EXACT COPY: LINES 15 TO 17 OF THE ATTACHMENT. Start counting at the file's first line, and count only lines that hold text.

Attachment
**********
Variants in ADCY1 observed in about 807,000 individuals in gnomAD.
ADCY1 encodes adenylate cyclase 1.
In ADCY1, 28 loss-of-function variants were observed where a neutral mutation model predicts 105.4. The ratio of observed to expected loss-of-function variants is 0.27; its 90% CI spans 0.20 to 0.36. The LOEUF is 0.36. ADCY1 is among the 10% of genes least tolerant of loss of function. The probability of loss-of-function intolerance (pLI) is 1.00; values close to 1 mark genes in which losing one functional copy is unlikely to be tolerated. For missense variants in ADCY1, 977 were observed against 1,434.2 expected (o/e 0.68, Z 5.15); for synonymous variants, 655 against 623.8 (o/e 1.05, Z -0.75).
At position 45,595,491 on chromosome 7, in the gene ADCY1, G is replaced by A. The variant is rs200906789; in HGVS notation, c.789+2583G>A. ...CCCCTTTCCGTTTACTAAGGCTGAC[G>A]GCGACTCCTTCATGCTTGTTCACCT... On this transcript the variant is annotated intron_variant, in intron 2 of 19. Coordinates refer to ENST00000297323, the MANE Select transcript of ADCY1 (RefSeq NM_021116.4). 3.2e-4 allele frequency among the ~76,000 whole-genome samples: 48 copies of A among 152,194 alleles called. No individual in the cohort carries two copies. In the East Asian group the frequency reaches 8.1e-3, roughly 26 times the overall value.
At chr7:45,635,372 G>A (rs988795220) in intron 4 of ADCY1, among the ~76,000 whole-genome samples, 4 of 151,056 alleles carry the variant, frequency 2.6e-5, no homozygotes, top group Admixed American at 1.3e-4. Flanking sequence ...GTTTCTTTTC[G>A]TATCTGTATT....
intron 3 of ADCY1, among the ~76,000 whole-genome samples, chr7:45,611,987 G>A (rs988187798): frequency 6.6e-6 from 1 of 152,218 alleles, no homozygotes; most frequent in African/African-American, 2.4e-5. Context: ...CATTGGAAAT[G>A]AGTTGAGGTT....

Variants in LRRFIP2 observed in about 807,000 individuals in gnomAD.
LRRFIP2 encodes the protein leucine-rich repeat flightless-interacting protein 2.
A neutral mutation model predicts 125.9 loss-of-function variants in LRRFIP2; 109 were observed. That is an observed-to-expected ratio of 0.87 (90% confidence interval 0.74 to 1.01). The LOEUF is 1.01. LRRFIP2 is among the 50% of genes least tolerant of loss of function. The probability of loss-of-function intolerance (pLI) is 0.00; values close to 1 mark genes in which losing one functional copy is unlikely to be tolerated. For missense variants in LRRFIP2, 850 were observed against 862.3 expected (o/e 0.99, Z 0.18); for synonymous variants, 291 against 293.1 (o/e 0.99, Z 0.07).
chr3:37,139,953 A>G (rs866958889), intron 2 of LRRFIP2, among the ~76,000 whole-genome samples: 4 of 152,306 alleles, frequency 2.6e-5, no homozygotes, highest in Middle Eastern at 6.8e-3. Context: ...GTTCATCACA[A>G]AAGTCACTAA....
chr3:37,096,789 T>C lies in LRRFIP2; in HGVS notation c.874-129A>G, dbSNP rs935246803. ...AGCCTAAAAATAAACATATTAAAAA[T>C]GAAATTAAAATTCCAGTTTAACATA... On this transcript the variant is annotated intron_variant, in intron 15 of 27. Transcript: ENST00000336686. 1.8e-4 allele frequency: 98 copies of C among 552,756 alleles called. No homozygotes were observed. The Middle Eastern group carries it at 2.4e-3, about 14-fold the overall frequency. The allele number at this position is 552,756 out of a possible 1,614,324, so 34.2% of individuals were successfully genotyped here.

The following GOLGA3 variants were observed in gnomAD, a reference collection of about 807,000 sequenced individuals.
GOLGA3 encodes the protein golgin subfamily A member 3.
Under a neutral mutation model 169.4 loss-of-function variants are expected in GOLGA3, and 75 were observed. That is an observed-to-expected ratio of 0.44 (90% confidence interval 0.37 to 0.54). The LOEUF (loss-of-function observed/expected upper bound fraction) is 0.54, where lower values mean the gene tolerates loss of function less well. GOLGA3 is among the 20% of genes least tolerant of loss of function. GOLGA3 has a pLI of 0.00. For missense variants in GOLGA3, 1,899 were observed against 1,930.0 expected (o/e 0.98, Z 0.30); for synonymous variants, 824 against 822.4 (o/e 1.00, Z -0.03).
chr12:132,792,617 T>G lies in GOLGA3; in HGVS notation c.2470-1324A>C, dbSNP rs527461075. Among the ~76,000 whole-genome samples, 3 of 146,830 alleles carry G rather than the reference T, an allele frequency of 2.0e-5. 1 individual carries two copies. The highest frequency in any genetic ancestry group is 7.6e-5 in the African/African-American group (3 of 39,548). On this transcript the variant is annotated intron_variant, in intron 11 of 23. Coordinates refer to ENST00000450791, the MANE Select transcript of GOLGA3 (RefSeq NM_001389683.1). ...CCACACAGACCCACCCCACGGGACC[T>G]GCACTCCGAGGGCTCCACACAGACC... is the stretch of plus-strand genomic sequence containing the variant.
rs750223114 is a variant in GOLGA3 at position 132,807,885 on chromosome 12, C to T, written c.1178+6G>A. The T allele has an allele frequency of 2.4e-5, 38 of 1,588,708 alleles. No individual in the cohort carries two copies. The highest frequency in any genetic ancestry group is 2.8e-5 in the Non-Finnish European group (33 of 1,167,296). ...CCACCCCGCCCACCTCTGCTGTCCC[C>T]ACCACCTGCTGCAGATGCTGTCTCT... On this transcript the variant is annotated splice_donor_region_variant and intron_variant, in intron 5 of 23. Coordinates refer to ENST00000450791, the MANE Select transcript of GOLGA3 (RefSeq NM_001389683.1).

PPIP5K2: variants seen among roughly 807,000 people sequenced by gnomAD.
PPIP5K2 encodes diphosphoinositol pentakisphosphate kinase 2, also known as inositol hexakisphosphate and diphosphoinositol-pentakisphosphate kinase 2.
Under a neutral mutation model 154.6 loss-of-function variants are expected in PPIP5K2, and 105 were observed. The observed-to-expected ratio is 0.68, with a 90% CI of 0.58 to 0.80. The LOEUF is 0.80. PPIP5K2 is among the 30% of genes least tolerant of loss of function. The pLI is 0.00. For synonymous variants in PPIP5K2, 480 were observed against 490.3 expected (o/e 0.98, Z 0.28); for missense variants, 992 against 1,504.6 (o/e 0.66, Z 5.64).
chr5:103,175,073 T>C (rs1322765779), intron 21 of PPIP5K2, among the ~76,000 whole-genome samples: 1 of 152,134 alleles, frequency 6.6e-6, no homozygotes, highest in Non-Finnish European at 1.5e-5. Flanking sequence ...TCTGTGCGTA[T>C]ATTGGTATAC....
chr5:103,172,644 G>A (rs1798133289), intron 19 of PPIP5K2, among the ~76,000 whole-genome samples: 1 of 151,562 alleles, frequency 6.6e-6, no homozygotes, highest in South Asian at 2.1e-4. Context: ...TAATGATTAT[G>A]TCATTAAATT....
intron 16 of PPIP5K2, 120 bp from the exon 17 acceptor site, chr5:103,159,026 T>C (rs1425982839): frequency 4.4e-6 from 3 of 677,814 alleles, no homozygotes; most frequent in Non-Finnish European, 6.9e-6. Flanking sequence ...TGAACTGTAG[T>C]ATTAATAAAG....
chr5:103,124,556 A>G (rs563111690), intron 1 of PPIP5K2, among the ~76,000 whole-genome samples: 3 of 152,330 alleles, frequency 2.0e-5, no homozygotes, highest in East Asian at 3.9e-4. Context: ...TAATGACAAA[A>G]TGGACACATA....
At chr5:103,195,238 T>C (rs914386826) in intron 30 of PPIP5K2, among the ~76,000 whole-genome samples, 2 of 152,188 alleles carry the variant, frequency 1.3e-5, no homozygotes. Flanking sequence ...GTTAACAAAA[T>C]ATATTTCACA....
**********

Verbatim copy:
chr12:132,792,617 T>G lies in GOLGA3; in HGVS notation c.2470-1324A>C, dbSNP rs527461075. Among the ~76,000 whole-genome samples, 3 of 146,830 alleles carry G rather than the reference T, an allele frequency of 2.0e-5. 1 individual carries two copies. The highest frequency in any genetic ancestry group is 7.6e-5 in the African/African-American group (3 of 39,548). On this transcript the variant is annotated intron_variant, in intron 11 of 23. Coordinates refer to ENST00000450791, the MANE Select transcript of GOLGA3 (RefSeq NM_001389683.1). ...CCACACAGACCCACCCCACGGGACC[T>G]GCACTCCGAGGGCTCCACACAGACC... is the stretch of plus-strand genomic sequence containing the variant.
rs750223114 is a variant in GOLGA3 at position 132,807,885 on chromosome 12, C to T, written c.1178+6G>A. The T allele has an allele frequency of 2.4e-5, 38 of 1,588,708 alleles. No individual in the cohort carries two copies. The highest frequency in any genetic ancestry group is 2.8e-5 in the Non-Finnish European group (33 of 1,167,296). ...CCACCCCGCCCACCTCTGCTGTCCC[C>T]ACCACCTGCTGCAGATGCTGTCTCT... On this transcript the variant is annotated splice_donor_region_variant and intron_variant, in intron 5 of 23. Coordinates refer to ENST00000450791, the MANE Select transcript of GOLGA3 (RefSeq NM_001389683.1).

PPIP5K2: variants seen among roughly 807,000 people sequenced by gnomAD.